We could see all of this, but it wasn’t until her funeral that I discovered one thing she had done quietly. She knew that arriving to live in a village isn’t easy, you can’t really see what’s going on, you know people know each other but you don’t know how things happen,  who’s a good workman, who can be relied on, who to turn to , who will keep your secrets.  It can feel hostile and excluding. So, when new people came, my mother would pop by in the first weeks taking them something edible and homemade. She would gently inquire what made people arrive, explain how the village worked, what happened and when and who to contact for what. I had absolutely no idea she did this, but the number and variety of people who massed to the funeral was testament. No sad lonely farewell for her. The place was heaving. Here, finally, is the business connection. An organisation may look corporate, but a company, or a building, is always a village, a collection of overlapping networks with mavens at the centre. There’s an official and an unofficial structure and hierarchy. There are tribes: the posh ones, the clever ones, the scallywags, the memory-makers and the story-tellers. Official and unofficial meeting places. People who know everybody and those who aren’t interested in anyone. People who think and people who do. People who act like hot water bottles on a cold night. You don’t have to be a leader or a manager to make your workplace warmer, we all know how to be curious and kind, and a gentle explanation of the hidden rules can go a long way to making everything run that bit more smoothly. A smart organisation recognises the people in this last group and values simple, inexpensive rituals which create a welcome and allow a hello and a warm goodbye to be properly said. The world can feel a hostile place; moving jobs can be challenging and scary. I know of several companies with strategies for hiring experts at senior levels who lose huge amounts of money simply because they don’t create rituals that make entry easier. Grad programmes are elaborate fun-packed schemes which last for years, yet a mid-level person joining a high-tech organisation with a hot-desking policy where there are new faces next to you every day, but no obvious equivalent to the village pub, is allowed to flounder, trying to work out – via weirdly-named databases of information, hidden in the corporate technology – how on earth this new home works. Eighteen months of this is enough to crush anyone’s spirit of adventure. A Professor friend who swapped universities declared that one of the best things about her new department was that someone (just some bloke) had decided ten years earlier to establish an official ‘tea and cake’ time every day.  It made a world of difference to her joining, and therefore her effectiveness, because there were people around to ask things of, without her feeling she had to disturb anyone. Let’s do our bit to make workplaces warmer, but also more effective, with curiosity, kindness and gentle explanations of the hidden rules.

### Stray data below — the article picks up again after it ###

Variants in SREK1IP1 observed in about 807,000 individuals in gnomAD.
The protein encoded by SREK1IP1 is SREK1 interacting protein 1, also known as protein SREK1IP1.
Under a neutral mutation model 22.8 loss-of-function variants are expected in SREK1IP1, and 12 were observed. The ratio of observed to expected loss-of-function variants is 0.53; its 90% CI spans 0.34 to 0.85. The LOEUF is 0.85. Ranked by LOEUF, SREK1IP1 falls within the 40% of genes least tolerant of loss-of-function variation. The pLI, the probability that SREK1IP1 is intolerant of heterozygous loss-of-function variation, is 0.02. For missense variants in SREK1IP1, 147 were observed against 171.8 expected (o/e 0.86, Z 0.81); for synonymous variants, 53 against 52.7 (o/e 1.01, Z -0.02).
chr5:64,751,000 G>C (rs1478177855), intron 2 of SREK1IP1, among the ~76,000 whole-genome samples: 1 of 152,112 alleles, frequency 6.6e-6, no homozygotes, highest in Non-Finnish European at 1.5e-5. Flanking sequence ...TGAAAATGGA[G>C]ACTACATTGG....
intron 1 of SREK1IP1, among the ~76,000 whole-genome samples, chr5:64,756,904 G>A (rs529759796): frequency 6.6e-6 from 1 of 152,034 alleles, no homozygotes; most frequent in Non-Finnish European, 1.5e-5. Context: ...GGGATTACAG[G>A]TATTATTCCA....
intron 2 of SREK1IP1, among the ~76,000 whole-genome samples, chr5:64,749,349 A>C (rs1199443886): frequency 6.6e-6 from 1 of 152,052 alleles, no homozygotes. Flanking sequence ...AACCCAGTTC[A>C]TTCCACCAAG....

1. What a wonderful piece Anne. I have a strong feeling of knowing your mum from your beautiful descriptions. The take away for me from your blog is that when we do things from a place of humanity that we make the biggest difference. Whether in a village or a global corporation, when we connect back with what it means to be human we can truly transform ours and others’ experience. Thank you Anne.

    by: Susan Grandfield on March 1, 2019 at 2:15 pm
    • thanks Susan. We underestimate how much it means and how much it does, I think.

      by: Anne Owen on March 14, 2019 at 5:50 pm
  2. Beautiful. I wish I had could have met this wonderful woman you write about – your Mum. How lucky to have been raised by such an inspiring and caring Mother.
    I couldn’t agree more with your thoughts – Buddy and mentor systems are great, but that’s just one person helping you along. It doesn’t take much for the ‘sea of faces’ – as you look up from your desk as a ‘rookie’ – to offer a warm smile, and a passing ‘how are you’ (and wait for the response with genuine interest and desire to help).
    Thanks for the reminder Anne.

    by: Julia Francis on March 1, 2019 at 3:52 pm
    • and you are just great at doing that JUlia. :-). thank for the comment.

      by: Anne Owen on March 14, 2019 at 5:49 pm
  3. I’m very moved by your wonderful writing and your Mom’s wise ways and big heart. Thanks Anne
    Catherine x

    by: Catherine Vaughan on March 1, 2019 at 7:07 pm
    • ah you know all about wise moms. x

      by: Anne Owen on March 14, 2019 at 5:49 pm
  4. Hyfryd clywed am dy fam Anne

    by: Catrin Whitehouse on March 2, 2019 at 2:40 pm
    • Diolch Cat 🙂

      by: Anne Owen on March 14, 2019 at 5:48 pm
  5. What a wonderful tribute to your lovely Mum: a humble , caring and thoughtful woman who obviously moved mountains.

    by: Mary on March 4, 2019 at 5:26 pm
    • thanks Mary 🙂

      by: Anne Owen on March 14, 2019 at 5:48 pm